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Camp Session Themes

When you’re thinking about camp skits and camp songs, or icebreakers and training material, how do you know what to choose? How do all these pieces of a camp session fit together to form the whole session? Camp is made up of a million little parts – from the people (campers, counselors, directors, staff, etc.) to the activities (rock climbing, hiking, swimming, etc.), each part is integral to the whole. So, what ties everything together? How do you make a camp feel whole? Having a theme for the camp session can help tie everything together. A camp theme can help narrow down all the individual decisions you make in building your camp session. Knowing your whole camp theme can help you narrow down a decision such as, should we sing “yeah toast” or “boom chicka boom“? Or a decision such as having chicken stir fry or spaghetti for dinner on Tuesday night. Once you have your camp theme, a good question to ask yourself while building your camp session is, “how does this activity or this meal theme fit into our overall theme?”.

The exciting part of leading a camp session is the creativity that comes with building it. To make things easy, we characterize “camp themes” into three different types of themes: the “themey” camp session theme, the “half-themey” camp session theme, and the “no-theme” camp session theme. Below is a breakdown of each.

The extra "Themey" Camp session Theme

The extra “themey” camp session theme leaves little room for flexibility but can be fun if done correctly. These themes might be based on a movie, or something that the campers are intimately familiar with. For example, a “Star Wars” themed camp session would fall under this category. Each day can be based on a different movie, for example, one of the days can be titled “Return of the Jedi.” Your first camp activity for that day (say, morning chapel or devotionals) can be titled “The Way of the Jedi” touching on elements of heroism, selflessness, and fighting for the greater good. A meal theme can be “Dinner with Jabba the Hut” and a large group game can be called “Bounty Hunter” (i.e., Capture the Flag).

Pros
  • “Themey” camp themes can be fun for campers, especially for ones that are fans of the theme.
  • It is easier to market these themes because campers are already bought in to the concept.
  • These themes can be easier to plan for novice directors since the topic can provide a roadmap to planning, and lots of content that has already been established by movies, books, or ideas.
Cons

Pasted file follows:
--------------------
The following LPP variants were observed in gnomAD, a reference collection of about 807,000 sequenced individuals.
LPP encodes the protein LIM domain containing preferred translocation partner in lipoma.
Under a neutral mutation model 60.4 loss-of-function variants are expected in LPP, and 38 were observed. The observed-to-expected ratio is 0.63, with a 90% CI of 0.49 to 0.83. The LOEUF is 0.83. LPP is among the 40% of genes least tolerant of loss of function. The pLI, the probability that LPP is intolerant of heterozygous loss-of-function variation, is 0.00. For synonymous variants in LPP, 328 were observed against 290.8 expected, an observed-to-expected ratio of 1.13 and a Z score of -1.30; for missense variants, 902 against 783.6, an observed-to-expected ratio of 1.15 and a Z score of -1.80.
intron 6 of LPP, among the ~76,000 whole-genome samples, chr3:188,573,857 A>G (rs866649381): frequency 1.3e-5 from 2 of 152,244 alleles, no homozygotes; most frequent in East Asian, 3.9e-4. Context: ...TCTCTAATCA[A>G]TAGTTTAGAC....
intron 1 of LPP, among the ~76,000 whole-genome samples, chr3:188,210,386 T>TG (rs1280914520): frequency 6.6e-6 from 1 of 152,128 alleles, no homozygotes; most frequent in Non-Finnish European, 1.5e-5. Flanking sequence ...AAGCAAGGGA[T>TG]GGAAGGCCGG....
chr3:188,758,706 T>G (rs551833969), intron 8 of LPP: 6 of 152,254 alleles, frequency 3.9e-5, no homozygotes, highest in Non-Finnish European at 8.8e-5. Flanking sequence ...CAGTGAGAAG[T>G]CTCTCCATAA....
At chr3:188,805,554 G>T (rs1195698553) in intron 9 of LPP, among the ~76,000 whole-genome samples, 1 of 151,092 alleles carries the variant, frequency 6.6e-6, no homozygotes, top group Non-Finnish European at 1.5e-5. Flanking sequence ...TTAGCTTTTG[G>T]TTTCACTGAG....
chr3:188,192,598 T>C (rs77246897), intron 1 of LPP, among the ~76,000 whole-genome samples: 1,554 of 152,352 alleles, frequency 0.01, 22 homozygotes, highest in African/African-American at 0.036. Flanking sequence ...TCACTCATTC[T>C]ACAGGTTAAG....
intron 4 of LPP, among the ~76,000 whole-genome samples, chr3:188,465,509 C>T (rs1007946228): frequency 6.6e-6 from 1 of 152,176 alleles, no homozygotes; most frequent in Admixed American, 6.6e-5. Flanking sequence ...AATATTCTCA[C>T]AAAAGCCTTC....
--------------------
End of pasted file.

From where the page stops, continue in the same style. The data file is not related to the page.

• “Themey” themes like “Star Wars” typically require substantial planning and prep in order to incorporate the thematic elements that already exist.
  • These types of themes can be costly, due to the amount of props that need to be purchased or made.
The Half "Themey" Camp Session Theme

These camp themes are best for camp directors who are more experienced or creative. Essentially these camp themes have some sort of umbrella element that dictates the thematic components of the session but leave more flexibility for how they are planned. For example, a half themey camp session theme can be “A week in the woods” with the chapel sessions revolving around the connection between humans and nature. You might read a poem by Robert Frost during campfire, have an outdoor lunch, and play a “wilderness survival” game, such as fort building, during the session at some point.

Pros
  • These themes can leave more room for flexibility and creativity.
  • These themes can be less costly than the “Themey Camp Session Theme” since less props and decor is needed.
Cons
  • “Themey” themes like “Star Wars” typically require substantial planning and prep in order to incorporate the thematic elements that already exist.
  • These types of themes can be costly, due to the amount of props that need to be purchased or made.
The No Theme Camp Theme

The name says it all in this type of theme. These themes are reserved for the purists, the camp directors who want to reminisce of “the way things used to be”, and sometimes, the camp directors who are burned out on themes. Having no camp theme can allow for ultimate flexibility but can also be a bore for some campers.

Pros
  • These themes can leave more room for flexibility and creativity.
  • These themes can be less costly than the “Themey Camp Session Theme” and the “Half Theme Camp Theme” since less props and decor is needed.
Cons
  • These themes can be more difficult to market, since campers are not sure what to look forward to.
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